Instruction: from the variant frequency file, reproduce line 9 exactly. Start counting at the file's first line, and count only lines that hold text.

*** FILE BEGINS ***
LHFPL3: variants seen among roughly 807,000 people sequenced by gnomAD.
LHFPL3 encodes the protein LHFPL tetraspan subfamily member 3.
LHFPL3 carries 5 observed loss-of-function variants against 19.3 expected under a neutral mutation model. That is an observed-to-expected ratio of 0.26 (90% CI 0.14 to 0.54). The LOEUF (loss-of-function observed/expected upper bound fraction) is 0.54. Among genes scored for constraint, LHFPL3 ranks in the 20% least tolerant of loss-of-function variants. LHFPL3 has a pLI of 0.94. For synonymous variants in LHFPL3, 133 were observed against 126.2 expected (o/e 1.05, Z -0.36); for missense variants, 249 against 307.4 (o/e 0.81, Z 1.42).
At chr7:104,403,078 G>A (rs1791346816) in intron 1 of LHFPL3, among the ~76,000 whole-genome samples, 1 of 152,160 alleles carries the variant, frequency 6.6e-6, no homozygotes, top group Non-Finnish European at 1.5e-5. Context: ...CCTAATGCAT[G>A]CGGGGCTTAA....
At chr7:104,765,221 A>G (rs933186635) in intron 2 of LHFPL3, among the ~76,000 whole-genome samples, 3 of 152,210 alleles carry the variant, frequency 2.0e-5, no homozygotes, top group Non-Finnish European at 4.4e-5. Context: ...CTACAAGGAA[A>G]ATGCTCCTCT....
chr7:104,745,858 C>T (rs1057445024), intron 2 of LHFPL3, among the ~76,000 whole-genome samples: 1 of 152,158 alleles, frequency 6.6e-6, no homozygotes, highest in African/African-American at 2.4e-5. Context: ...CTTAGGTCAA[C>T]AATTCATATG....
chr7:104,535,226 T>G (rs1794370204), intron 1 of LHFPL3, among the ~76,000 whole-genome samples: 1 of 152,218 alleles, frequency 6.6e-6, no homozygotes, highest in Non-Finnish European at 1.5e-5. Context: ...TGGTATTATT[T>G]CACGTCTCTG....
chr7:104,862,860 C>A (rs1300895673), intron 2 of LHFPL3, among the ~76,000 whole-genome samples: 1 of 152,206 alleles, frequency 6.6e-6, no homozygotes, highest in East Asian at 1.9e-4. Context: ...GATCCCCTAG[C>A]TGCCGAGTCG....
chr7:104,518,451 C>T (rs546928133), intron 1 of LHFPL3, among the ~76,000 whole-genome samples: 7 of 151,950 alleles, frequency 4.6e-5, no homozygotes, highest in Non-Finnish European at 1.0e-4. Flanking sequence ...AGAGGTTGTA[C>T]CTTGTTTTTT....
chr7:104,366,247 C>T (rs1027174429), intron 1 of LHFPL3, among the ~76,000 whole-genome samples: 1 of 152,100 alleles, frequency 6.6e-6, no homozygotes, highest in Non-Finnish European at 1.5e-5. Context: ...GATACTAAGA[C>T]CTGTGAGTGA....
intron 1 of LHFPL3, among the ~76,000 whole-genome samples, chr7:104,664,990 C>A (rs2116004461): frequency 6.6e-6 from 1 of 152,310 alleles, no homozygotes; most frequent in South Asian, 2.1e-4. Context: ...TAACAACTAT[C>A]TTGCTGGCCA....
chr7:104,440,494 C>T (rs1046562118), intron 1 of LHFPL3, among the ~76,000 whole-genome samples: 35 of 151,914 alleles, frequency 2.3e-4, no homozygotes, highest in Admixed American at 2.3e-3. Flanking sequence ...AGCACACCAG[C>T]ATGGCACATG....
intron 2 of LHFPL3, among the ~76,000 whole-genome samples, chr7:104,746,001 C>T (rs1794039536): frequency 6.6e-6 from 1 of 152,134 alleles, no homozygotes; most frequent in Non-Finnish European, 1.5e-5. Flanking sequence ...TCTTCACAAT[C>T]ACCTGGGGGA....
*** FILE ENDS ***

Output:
chr7:104,518,451 C>T (rs546928133), intron 1 of LHFPL3, among the ~76,000 whole-genome samples: 7 of 151,950 alleles, frequency 4.6e-5, no homozygotes, highest in Non-Finnish European at 1.0e-4. Flanking sequence ...AGAGGTTGTA[C>T]CTTGTTTTTT....